My quiz is happening today. Like it or not. (Not.)
The important thing is not to remain calm. I studied. Yes, the amount of information to study was equivalent to the contents of an encyclopedia and the amount I studied is equivalent to maybe ten pages of said encyclopedia. But that is no reason to panic. I mean, it’s just a quiz. No biggie.
When I get into the elevator, Noel says to me, “Your first quiz is today, isn’t it?”
How does he know that? I guess everyone talks about their quizzes in front of him. Other students sort of act like he isn’t even there. “Um, it is…” I admit.
“You’ll do fine,” he says. “Everyone gets nervous. But it’s not a big deal.”
I don’t know why, but this reassurance really helps me. Honest truth: I let the elevator across the hall go without me so that I could ride up with Noel this morning. I find it kind of comforting to talk to him. He’s really reassuring. It’s his voice. When he tells me I’ll be okay, I feel like I have to believe him. Don’t tell Olivia. She hates Creepy Elevator Guy.
It turns out he’s right. When I get to the auditorium where I’m taking the quiz, everyone looks terrified. I think I only maybe look an average amount terrified. The guy sitting next to me is shaking so hard that when he tries to sip from his open coffee cup, it spills all over his lap. I think it scalded him.
A teaching assistant shushes us and then distributes the two page quiz. Immediately, I see a cross section of the spinal cord. The instructions read: Draw all nerves coming out of the spinal cord, including labeling the cell bodies.
Okay, that sounds hard. Kind of open-ended. I glance at the next question: it’s hard too! This is a hard quiz.
I look around and everyone is scribbling furiously on their papers. I look down at my blank quiz.
Forty five minutes later, I’m handing in a paper I’m not very proud of. I didn’t do well. Actually, it was a disaster. I go to the bathroom and cry. I know it’s just a stupid quiz, but I’m not used to bombing exams. I’m in over my head.
Noel’s Memory Book:
Sonya’s assignment for me is to write down my first memory. Except I have two first memories.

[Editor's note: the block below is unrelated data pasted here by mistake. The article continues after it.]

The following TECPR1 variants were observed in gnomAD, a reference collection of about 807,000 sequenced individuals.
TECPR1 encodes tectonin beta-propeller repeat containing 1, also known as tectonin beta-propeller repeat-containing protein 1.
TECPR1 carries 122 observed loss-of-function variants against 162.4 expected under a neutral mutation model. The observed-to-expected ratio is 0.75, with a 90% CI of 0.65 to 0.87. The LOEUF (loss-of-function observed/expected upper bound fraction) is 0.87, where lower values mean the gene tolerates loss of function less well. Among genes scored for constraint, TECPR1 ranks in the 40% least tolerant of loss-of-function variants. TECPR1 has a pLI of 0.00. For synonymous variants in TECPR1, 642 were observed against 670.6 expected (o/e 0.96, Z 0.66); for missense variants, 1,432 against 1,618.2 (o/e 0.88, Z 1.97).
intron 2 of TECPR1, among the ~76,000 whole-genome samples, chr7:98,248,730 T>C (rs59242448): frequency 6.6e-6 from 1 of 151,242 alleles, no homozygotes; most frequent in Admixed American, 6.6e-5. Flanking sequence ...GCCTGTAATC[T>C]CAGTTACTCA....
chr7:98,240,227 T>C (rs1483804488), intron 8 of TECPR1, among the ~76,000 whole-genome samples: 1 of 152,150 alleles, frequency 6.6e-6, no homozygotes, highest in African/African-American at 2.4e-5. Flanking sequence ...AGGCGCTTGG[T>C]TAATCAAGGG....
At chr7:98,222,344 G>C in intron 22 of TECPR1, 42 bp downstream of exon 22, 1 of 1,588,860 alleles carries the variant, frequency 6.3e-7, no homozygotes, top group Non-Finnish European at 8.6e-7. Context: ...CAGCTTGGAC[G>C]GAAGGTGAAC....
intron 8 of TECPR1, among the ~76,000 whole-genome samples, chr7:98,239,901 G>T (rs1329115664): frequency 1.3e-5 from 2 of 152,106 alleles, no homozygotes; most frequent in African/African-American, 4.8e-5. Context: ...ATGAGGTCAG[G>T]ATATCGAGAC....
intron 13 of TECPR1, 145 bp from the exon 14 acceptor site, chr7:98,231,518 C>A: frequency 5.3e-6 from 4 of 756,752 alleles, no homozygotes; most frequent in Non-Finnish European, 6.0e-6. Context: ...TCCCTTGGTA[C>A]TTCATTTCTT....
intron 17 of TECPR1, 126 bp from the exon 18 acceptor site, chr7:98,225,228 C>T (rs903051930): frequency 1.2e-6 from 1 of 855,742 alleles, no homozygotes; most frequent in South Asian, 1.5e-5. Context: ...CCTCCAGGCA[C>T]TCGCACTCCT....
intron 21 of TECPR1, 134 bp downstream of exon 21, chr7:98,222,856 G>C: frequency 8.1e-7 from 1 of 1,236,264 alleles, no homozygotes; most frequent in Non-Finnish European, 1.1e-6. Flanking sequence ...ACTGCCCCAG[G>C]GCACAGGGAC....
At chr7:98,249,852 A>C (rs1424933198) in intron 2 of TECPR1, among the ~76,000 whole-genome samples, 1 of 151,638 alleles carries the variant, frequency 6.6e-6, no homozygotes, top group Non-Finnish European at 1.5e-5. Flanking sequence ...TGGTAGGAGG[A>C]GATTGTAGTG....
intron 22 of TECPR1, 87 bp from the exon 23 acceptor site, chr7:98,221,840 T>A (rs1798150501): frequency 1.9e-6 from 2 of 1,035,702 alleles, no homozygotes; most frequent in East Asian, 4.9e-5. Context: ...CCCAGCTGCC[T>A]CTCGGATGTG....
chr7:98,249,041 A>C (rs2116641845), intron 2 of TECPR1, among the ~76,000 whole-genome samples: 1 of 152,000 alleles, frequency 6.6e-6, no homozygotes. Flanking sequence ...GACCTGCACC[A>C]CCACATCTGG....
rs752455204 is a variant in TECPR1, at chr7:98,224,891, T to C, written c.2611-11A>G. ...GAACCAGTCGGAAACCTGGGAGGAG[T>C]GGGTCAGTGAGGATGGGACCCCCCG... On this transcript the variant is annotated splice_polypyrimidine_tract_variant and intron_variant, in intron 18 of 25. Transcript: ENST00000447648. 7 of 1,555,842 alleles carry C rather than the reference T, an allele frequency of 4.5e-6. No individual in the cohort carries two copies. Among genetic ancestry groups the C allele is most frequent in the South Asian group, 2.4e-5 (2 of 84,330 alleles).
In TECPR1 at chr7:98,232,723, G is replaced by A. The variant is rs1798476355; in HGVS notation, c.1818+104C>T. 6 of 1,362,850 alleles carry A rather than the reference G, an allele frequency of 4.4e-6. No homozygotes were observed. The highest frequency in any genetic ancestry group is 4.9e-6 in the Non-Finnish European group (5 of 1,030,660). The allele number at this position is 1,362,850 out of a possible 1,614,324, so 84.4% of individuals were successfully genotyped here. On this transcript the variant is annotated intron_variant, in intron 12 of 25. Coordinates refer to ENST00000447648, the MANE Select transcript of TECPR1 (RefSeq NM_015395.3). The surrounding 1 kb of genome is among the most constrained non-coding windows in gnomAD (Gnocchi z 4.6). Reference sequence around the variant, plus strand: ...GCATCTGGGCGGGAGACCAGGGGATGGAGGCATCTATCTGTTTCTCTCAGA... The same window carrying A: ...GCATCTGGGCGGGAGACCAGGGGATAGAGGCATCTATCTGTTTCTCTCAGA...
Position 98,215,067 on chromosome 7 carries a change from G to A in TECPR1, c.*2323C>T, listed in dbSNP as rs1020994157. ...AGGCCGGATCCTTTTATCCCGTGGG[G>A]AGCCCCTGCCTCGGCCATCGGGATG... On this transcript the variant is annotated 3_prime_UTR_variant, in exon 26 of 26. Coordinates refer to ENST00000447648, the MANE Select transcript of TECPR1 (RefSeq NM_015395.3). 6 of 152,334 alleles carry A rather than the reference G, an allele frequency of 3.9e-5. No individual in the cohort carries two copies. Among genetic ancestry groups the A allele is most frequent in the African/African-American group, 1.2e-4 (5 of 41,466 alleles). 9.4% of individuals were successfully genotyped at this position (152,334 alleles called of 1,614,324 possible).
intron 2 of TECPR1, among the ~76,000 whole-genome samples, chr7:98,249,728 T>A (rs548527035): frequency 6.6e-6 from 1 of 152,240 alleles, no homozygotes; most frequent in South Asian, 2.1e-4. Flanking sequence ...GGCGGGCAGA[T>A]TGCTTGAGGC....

Age three years old, my dad trapped a rat in our kitchen. The images are fuzzy, but I remember being terrified. I huddled behind ten year old Rose’s skinny legs as he picked it up by its tail and released it outside. So he said, at least. Later I found out he flushed it down the toilet.
Next is from about 25 years later. Still very fuzzy. I remember the face of Megan, my speech therapist, dangling a spoonful of what looked like baby food in front of my mouth. “Take a bite, Noel,” she said in a gentle voice.
I felt confused. I didn’t know where I was and I suddenly realized that I was sitting in a wheelchair. I had never sat in a wheelchair before in my life and when I tried to get up, I noticed the right side of my body felt really heavy. There was a belt across my lap, holding me in place, and I tried to paw at it with my left hand, but Megan grabbed my hand and shook her head no. I tried to get up using my legs, but only my left leg moved.
I looked back at the spoonful of food that Megan was holding out to me expectantly. Recognizing what she wanted, I opened my mouth for a bite. I felt the food go into my mouth and it was like my tongue wasn’t sure what to do with it. I started coughing.
The worst part was that Megan seemed completely unsurprised. It was like she expected me to be unable to swallow this spoonful of baby food. When it dribbled out of my mouth, she dabbed at it with a napkin.
Of the two, I would say the second was far scarier.
You’ll be really proud to learn that prior to coming to lab today, I read the anatomy lab manual for twenty minutes. On the toilet. It still counts. And I have to say, once you’ve used a book in the anatomy lab, reading in the bathroom seems a lot more sanitary.